The Time Bind, and the Companionate Marriage


The Time Bind, and the Companionate Marriage


The Time Bind, and the Companionate Marriage
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New books dissected over email.
Jan. 21 2011 5:30 AM



Poser: My life in twenty-three yoga poses.

Hey Judith,

Emily Bazelon Emily Bazelon

Emily Bazelon is a staff writer at the New York Times Magazine and the author of Sticks and Stones

Claire Dederer shares your feeling that we should all be politically organizing instead of perfecting Warrior I. She gives herself a hard time for skipping the WTO protests that rocked Seattle in 1999 so that she can finally settle down for a day of writing. I take this in the spirit of dutiful self-flagellation. Yes, we would be better off with improved access to health care and better parental leave policies and universal preschool. But it is damn hard work to accomplish such changes, and even a first step feels far away and abstract. The book review Dederer wrote that day, on the other hand, is a concrete accomplishment. The worker bee in me says she made the right choice. And while recognizing what you didn't show up for isn't the same as showing up, it's something.


Your co-op envy makes me realize once again what a foot-dragger I am when it comes even to smaller-scale group organizing. The only childcare swapping I've managed has been informal and among a few friends, like on snow days. When my kids were in day care, I wanted someone else to take care of them so I could work. The daycare my older son went to made us take our turn cleaning a few times a year. This was meant to build community, as you and I would both put it—we'd go on a Sunday, with another family. I confess I was the mom with the evil fantasy about hiring a cleaning service. I wanted my Sunday back.

This is sort of about money but also not, because time is money, too. If women want to make real money they have to give themselves the time to work consistently at a profession: Studies consistently show that mothers (parents, but really mothers) pay a toll, in reduced lifetime earnings, for taking the off-ramp and then for getting back on. Here again, I find myself feeling more judgmental than I'd like. When Dederer talks about making "my usual genteel pittance," I cross my fingers for a big bump up, to give her the wherewithal to exercise further her powerful writing muscles. Also, the roles in her household—she as Mother, her husband as Earner—turn them into "characters in some phenomenally boring Ionesco play." They have lots of worry and little laughter. Anti-feminist, but worse, anti-enjoyment. At the same time, in a more contented moment toward the book's end, Dederer comes up with one of the best paeans to companionate marriage I've read. She says of her husband, the fellow talented-writer Bruce Barcott, "He was, after all, my husband. Not just the father of my kids, not just the fourth wheel. He was someone who could floor me with a smile."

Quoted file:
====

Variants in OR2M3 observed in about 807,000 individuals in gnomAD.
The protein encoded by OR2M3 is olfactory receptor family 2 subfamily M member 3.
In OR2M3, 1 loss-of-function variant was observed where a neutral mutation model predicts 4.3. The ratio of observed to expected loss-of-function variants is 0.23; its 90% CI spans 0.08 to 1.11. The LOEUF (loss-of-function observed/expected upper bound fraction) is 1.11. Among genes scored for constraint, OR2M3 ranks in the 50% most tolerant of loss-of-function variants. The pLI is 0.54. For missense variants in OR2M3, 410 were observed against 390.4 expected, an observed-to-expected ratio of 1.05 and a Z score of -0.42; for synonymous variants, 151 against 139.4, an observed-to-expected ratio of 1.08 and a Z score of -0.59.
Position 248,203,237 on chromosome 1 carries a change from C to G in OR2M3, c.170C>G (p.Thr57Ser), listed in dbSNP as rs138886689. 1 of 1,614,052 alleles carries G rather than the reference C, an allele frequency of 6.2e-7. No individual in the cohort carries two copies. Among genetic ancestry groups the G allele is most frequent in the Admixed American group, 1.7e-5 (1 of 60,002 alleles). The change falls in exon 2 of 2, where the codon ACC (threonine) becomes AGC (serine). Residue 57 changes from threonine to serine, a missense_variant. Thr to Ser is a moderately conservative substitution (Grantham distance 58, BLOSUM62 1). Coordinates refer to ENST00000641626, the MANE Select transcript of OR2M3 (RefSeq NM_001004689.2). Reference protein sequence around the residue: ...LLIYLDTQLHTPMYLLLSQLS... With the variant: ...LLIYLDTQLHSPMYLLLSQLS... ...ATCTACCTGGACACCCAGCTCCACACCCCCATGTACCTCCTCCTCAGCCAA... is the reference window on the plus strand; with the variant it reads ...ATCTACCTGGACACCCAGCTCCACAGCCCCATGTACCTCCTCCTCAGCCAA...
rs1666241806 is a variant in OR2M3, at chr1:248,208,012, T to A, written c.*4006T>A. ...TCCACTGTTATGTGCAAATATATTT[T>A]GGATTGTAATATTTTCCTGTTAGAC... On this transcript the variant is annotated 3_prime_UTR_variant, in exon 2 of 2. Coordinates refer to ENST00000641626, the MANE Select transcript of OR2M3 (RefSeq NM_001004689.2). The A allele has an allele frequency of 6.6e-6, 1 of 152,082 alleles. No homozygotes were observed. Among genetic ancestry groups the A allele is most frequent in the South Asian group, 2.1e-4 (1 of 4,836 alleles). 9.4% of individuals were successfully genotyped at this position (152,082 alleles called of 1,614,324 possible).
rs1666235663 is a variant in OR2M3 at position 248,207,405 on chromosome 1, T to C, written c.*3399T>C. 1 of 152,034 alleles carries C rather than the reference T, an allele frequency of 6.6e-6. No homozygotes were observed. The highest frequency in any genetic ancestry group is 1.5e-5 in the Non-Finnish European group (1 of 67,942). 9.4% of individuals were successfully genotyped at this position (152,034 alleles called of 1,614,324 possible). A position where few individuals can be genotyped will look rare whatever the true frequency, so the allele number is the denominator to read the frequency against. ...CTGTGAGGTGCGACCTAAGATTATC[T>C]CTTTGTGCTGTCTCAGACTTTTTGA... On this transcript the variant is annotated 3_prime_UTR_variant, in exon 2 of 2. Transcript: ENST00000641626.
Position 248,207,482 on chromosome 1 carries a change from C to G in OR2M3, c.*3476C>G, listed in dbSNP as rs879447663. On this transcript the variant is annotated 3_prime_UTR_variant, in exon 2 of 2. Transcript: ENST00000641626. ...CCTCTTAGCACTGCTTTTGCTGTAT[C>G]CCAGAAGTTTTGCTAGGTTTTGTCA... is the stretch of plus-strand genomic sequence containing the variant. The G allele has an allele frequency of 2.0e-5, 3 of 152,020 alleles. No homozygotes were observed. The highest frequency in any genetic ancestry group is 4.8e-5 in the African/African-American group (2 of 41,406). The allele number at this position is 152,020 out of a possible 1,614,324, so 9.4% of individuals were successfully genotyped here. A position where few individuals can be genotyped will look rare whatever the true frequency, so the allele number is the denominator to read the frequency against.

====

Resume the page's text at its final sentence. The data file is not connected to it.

How does Dederer get from there to here? She reduces the "goodness-to reality ratio" in her life. I am not sure how this fits into the bake sales and other niceties we were discussing. But I really liked this: "Who cares about goodness? Who even cares how it looks? There's only this: a woman in a heap on the floor." I'm there with Claire Dederer, falling out of handstand, also in desperate need of a haircut. I'm so glad I read this book for the company, and for the chance to talk about it with you, Judith.


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